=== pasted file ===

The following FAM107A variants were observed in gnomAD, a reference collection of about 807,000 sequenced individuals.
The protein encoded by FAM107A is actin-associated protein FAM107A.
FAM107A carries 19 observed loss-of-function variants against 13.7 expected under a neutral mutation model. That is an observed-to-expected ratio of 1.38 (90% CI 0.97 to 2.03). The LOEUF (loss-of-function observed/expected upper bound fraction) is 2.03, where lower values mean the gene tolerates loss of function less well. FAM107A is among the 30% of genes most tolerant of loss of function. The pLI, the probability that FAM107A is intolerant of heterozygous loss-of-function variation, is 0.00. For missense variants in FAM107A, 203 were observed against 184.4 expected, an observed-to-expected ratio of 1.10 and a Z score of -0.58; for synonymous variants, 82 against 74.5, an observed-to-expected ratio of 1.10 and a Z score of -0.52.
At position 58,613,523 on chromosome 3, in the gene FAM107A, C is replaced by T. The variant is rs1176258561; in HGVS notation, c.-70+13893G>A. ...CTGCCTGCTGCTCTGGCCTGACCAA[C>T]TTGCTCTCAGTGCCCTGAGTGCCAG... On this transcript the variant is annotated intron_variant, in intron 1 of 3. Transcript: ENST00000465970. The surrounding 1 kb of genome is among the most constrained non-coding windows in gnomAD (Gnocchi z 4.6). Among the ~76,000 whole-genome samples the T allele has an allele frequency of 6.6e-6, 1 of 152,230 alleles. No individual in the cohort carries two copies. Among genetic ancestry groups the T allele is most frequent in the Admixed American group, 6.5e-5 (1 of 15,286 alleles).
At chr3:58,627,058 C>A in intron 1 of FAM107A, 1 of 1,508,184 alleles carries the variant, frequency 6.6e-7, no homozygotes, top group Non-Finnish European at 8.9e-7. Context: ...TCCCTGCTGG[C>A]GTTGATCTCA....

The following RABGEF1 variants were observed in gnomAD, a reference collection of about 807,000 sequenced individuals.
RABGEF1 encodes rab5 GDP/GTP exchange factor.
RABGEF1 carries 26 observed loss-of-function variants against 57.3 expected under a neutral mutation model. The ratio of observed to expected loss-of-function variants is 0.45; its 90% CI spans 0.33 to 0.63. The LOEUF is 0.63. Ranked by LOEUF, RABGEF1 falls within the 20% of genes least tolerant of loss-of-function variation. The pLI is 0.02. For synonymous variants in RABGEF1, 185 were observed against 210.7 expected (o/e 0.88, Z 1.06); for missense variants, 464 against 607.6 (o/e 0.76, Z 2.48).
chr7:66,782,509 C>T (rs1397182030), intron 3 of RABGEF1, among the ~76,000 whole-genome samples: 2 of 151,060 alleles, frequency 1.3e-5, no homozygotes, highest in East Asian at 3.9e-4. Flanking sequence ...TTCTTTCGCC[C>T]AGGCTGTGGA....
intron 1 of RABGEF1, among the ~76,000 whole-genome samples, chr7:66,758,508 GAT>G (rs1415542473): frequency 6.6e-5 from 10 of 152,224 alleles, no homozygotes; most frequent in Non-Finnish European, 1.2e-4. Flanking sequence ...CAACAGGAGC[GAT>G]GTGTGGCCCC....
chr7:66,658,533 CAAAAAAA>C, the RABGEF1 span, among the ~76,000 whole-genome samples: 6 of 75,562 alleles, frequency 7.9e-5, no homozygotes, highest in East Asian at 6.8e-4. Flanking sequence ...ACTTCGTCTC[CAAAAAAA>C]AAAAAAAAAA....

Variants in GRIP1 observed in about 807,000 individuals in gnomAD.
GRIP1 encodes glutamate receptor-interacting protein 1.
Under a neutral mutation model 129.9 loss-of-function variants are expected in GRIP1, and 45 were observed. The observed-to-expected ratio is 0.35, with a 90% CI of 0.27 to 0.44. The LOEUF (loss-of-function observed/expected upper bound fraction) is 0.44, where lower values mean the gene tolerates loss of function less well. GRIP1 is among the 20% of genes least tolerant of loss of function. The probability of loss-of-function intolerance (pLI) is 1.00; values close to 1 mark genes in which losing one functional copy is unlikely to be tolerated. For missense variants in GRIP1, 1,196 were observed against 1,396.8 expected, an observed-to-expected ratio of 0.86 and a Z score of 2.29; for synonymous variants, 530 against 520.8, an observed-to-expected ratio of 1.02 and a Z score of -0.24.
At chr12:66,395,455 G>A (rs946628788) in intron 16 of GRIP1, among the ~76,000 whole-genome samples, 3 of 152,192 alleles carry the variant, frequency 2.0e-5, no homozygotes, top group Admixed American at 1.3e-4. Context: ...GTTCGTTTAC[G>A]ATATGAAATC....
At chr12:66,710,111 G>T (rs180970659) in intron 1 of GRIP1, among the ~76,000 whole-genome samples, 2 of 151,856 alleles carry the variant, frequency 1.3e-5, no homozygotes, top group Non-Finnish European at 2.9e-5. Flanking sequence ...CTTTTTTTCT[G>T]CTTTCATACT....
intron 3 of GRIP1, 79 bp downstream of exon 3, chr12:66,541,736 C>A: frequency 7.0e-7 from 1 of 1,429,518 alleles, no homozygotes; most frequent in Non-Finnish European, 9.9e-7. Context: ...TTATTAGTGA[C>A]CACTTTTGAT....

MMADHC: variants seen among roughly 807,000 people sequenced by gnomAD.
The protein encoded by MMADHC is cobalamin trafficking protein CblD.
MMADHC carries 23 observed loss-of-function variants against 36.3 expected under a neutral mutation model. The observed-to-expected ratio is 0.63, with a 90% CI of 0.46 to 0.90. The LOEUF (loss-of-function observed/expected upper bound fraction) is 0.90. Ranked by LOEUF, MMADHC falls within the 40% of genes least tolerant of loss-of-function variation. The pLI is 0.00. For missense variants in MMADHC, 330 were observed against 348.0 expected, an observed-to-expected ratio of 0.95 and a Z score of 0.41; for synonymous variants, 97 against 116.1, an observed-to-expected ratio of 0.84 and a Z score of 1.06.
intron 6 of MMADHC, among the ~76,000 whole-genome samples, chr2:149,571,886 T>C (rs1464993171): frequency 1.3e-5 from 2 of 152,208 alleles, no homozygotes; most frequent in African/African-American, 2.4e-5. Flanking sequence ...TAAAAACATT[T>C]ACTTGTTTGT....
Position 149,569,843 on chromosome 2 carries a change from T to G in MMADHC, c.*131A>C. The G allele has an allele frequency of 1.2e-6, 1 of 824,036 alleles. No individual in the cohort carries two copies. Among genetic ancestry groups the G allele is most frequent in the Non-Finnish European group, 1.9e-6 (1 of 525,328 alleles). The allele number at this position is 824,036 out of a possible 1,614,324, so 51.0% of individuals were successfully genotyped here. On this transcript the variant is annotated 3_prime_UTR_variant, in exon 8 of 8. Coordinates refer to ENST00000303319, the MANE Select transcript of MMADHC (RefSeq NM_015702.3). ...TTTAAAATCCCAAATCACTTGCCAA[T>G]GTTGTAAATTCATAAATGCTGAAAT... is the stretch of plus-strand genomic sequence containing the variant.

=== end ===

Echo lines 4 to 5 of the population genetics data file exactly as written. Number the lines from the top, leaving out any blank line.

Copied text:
At position 58,613,523 on chromosome 3, in the gene FAM107A, C is replaced by T. The variant is rs1176258561; in HGVS notation, c.-70+13893G>A. ...CTGCCTGCTGCTCTGGCCTGACCAA[C>T]TTGCTCTCAGTGCCCTGAGTGCCAG... On this transcript the variant is annotated intron_variant, in intron 1 of 3. Transcript: ENST00000465970. The surrounding 1 kb of genome is among the most constrained non-coding windows in gnomAD (Gnocchi z 4.6). Among the ~76,000 whole-genome samples the T allele has an allele frequency of 6.6e-6, 1 of 152,230 alleles. No individual in the cohort carries two copies. Among genetic ancestry groups the T allele is most frequent in the Admixed American group, 6.5e-5 (1 of 15,286 alleles).
At chr3:58,627,058 C>A in intron 1 of FAM107A, 1 of 1,508,184 alleles carries the variant, frequency 6.6e-7, no homozygotes, top group Non-Finnish European at 8.9e-7. Context: ...TCCCTGCTGG[C>A]GTTGATCTCA....